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Federal investigators in the US have launched a probe into how a section of a new Boeing 737 Max blew out mid-flight, as airlines in Turkey and Panama grounded their planes for inspection.
The withdrawals come after the US airline regulator, the Federal Aviation Administration, on Saturday ordered the temporary grounding of some 737 Max 9s operated by US airlines or in US territory.
All 171 passengers and six crew of the Alaska Airlines-operated Boeing plane landed back safely at Portland, Oregon, after the incident on Friday night, but the outcome could have been much worse, according to investigators.
“We are very fortunate this didn’t end up in something more tragic,” Jennifer Homendy, the head of the National Transportation Safety Board, said at a press conference in Portland late on Saturday.
Boeing has called a company-wide safety meeting for Tuesday to discuss its response to the incident.
Chief executive David Calhoun, who will host the meeting from the Renton, Washington, factory where the Max is assembled, said the meeting would reinforce the company’s focus on safety.
“When serious accidents like this occur, it is critical for us . . . to understand and address the causes of the event, and to ensure they don’t happen again,” he said in a memo to employees on Sunday.
The accident happened at about 16,000 feet rather than at cruising altitude and only 10 minutes into the flight, the NTSB said. No one was in the two seats next to the deactivated exit cabin door that blew out, leaving a gaping hole in the fuselage of the plane.
While often used as an additional exit on more densely configured low-cost carriers, the door is permanently plugged on Alaska Airlines planes. Passengers seated on the inside see only a window.
Investigators on Sunday were looking for the missing blown-out door and plan to look at maintenance records, the pressurisation system and the door components.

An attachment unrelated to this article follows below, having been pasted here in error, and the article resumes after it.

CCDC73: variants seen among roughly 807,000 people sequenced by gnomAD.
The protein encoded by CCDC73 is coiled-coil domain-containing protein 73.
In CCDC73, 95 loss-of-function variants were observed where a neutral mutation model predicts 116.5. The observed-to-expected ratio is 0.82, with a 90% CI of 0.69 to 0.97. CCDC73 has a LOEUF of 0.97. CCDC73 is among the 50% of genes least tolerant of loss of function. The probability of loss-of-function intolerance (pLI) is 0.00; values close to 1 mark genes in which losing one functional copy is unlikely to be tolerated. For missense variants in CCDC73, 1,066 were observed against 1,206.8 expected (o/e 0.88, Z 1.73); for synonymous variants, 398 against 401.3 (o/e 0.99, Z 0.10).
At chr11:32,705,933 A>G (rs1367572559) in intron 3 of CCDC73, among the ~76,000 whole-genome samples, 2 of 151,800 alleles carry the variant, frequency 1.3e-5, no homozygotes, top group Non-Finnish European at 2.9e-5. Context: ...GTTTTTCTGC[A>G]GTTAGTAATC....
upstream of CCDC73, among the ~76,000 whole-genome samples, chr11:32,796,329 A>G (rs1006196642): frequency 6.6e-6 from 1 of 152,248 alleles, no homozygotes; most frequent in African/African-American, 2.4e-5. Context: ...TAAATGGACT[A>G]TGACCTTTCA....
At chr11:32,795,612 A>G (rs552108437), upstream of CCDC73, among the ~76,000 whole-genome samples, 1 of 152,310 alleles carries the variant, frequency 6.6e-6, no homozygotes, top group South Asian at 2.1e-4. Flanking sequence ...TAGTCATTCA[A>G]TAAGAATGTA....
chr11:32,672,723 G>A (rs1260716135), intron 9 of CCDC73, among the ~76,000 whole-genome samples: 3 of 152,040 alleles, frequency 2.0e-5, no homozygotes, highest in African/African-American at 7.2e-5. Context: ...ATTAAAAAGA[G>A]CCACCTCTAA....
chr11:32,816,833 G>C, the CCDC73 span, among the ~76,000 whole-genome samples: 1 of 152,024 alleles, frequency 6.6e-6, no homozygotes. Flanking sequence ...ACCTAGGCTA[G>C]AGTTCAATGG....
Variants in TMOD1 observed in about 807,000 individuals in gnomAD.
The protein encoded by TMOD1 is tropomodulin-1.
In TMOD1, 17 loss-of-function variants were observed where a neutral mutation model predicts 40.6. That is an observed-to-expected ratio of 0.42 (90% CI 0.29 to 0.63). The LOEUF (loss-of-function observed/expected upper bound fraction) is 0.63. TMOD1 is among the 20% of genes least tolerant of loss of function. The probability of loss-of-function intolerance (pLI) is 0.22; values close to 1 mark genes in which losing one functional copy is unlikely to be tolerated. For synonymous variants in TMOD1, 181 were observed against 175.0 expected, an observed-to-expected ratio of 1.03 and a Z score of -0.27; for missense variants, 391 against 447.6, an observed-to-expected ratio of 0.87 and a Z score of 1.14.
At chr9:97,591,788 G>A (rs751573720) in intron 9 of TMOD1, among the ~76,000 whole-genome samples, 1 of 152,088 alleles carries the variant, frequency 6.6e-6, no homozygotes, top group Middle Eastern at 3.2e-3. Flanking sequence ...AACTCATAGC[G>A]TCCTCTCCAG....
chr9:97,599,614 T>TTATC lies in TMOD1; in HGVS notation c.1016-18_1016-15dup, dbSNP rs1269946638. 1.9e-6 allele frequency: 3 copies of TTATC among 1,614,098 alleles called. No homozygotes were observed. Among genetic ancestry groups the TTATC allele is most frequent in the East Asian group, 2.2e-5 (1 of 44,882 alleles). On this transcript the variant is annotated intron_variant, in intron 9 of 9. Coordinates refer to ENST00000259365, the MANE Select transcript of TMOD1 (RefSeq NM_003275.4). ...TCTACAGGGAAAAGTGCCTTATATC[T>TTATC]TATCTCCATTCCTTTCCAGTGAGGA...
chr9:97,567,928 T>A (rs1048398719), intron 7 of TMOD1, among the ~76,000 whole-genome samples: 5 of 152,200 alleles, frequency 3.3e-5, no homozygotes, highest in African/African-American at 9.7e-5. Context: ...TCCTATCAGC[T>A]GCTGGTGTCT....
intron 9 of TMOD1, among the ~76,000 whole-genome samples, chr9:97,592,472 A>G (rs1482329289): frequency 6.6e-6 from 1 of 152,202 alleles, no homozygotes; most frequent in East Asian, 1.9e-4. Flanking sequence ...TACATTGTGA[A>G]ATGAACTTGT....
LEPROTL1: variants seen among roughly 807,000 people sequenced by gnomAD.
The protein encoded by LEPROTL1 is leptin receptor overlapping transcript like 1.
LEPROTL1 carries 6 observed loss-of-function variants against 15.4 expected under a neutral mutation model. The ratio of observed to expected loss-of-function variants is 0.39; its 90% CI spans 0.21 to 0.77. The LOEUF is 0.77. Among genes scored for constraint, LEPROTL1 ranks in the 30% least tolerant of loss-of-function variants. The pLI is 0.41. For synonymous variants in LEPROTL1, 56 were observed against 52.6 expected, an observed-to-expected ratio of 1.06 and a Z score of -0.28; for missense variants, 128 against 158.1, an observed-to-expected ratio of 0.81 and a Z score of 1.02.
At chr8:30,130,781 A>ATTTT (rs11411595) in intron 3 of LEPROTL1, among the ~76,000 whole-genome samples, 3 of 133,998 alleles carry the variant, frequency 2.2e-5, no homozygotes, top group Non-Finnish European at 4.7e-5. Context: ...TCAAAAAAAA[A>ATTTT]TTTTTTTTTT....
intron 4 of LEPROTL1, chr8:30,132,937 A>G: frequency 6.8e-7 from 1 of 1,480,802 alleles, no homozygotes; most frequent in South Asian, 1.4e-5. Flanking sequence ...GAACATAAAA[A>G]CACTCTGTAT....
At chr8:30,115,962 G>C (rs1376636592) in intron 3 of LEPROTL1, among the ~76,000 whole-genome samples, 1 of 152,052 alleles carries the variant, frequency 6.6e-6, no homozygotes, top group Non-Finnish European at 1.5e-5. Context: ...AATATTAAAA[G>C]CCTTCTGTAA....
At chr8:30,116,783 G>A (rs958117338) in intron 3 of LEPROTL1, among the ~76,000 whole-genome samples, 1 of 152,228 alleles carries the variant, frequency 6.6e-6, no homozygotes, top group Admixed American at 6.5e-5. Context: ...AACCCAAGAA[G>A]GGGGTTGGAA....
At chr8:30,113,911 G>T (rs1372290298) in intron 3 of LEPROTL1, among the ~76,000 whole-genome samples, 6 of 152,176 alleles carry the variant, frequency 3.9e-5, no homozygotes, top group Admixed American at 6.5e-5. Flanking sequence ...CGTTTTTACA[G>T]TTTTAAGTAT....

The probe is focused on the Alaska Airlines incident rather than more broadly on Boeing’s Max fleet, Homendy added, while noting: “We’ll go where the investigation takes us.”
The “most astonishing thing to me is that the door came off”, said John Cox, a retired pilot and chief executive of Safety Operating Systems, an aviation safety consultancy in the US. Other types of aircraft similarly use plug-in doors, he noted, adding: “I don’t know of any case where this has occurred previously.”
With the aircraft being just two months old, investigators would look “in great detail at the assembly records and quality assurance inspections of that part of the aeroplane,” said Cox.
The accident is a blow to Boeing, which has struggled with manufacturing defects on the 737. It continues to experience the fallout from a 20-month worldwide grounding imposed by regulators after a pair of deadly crashes five months apart.
The US plane maker said in a statement on Saturday that it supported the temporary grounding.
“Safety is our top priority,” it said. “We agree with and fully support the FAA’s decision to require immediate inspections of 737-9 aeroplanes with the same configuration as the affected aeroplane.”
There are 215 Max 9 aircraft in service globally, according to data from aviation consultancy Cirium. The two biggest operators are United Airlines and Alaska Airlines in the US, Turkish Airlines and Copa Airlines of Panama.
Copa said it had temporarily suspended flights of 21 Boeing 737 Max 9 jets. Turkish said it had withdrawn its small fleet of five Max 9 aircraft.
Alaska Airlines cancelled 21 per cent of its flights on Sunday, while United cancelled 8 per cent, according to flight data website FlightAware. Copa and Aeroméxico reported cancellations of 14 and 11 per cent, respectively.
Garth Thompson, chair of the United Airlines unit of the Air Line Pilots Association, said that while the union was happy that regulators had acted cautiously, he had yet to hear of inspections finding a similar problem on another aircraft.
“This has been hopefully a one-off,” he said.
The European Union Aviation Safety Agency said it had adopted the FAA’s emergency directive but that this was a “precautionary measure as we understand from both the FAA and Boeing that no European airlines in EASA member states currently operate an aircraft in the affected configuration”.
Britain’s Civil Aviation Authority said on Saturday that as there were no UK-registered 737 Max-9 aircraft, “the impact on UK operated aircraft and consumers is minimal”. The agency said it had written to all non-UK and foreign permit carriers to “ask for confirmation that inspections have been undertaken prior to any operation into UK airspace”.
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